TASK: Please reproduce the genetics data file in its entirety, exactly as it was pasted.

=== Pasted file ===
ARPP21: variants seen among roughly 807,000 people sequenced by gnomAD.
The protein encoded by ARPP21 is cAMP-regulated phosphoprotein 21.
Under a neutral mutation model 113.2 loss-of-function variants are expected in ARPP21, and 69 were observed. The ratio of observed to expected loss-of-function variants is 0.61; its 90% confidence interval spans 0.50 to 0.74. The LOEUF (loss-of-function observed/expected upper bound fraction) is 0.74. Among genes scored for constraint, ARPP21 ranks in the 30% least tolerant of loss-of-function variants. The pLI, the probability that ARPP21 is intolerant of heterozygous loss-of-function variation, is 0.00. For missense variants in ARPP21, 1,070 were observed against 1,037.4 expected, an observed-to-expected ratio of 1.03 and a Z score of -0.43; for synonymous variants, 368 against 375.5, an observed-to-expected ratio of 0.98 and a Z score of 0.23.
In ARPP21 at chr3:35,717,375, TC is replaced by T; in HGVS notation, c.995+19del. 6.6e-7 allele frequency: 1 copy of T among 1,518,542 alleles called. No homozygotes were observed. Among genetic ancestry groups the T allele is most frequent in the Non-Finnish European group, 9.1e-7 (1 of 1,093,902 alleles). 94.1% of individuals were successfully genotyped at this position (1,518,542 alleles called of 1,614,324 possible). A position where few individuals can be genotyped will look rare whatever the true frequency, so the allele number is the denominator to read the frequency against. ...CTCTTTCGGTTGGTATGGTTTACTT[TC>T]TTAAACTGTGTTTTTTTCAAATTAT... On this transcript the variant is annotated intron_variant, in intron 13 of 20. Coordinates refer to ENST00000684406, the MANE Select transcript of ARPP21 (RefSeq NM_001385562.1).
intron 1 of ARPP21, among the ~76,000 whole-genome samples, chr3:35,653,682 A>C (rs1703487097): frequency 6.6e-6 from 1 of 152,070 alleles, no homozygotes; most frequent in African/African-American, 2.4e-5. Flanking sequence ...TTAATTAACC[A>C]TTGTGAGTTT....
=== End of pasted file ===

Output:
ARPP21: variants seen among roughly 807,000 people sequenced by gnomAD.
The protein encoded by ARPP21 is cAMP-regulated phosphoprotein 21.
Under a neutral mutation model 113.2 loss-of-function variants are expected in ARPP21, and 69 were observed. The ratio of observed to expected loss-of-function variants is 0.61; its 90% confidence interval spans 0.50 to 0.74. The LOEUF (loss-of-function observed/expected upper bound fraction) is 0.74. Among genes scored for constraint, ARPP21 ranks in the 30% least tolerant of loss-of-function variants. The pLI, the probability that ARPP21 is intolerant of heterozygous loss-of-function variation, is 0.00. For missense variants in ARPP21, 1,070 were observed against 1,037.4 expected, an observed-to-expected ratio of 1.03 and a Z score of -0.43; for synonymous variants, 368 against 375.5, an observed-to-expected ratio of 0.98 and a Z score of 0.23.
In ARPP21 at chr3:35,717,375, TC is replaced by T; in HGVS notation, c.995+19del. 6.6e-7 allele frequency: 1 copy of T among 1,518,542 alleles called. No homozygotes were observed. Among genetic ancestry groups the T allele is most frequent in the Non-Finnish European group, 9.1e-7 (1 of 1,093,902 alleles). 94.1% of individuals were successfully genotyped at this position (1,518,542 alleles called of 1,614,324 possible). A position where few individuals can be genotyped will look rare whatever the true frequency, so the allele number is the denominator to read the frequency against. ...CTCTTTCGGTTGGTATGGTTTACTT[TC>T]TTAAACTGTGTTTTTTTCAAATTAT... On this transcript the variant is annotated intron_variant, in intron 13 of 20. Coordinates refer to ENST00000684406, the MANE Select transcript of ARPP21 (RefSeq NM_001385562.1).
intron 1 of ARPP21, among the ~76,000 whole-genome samples, chr3:35,653,682 A>C (rs1703487097): frequency 6.6e-6 from 1 of 152,070 alleles, no homozygotes; most frequent in African/African-American, 2.4e-5. Flanking sequence ...TTAATTAACC[A>C]TTGTGAGTTT....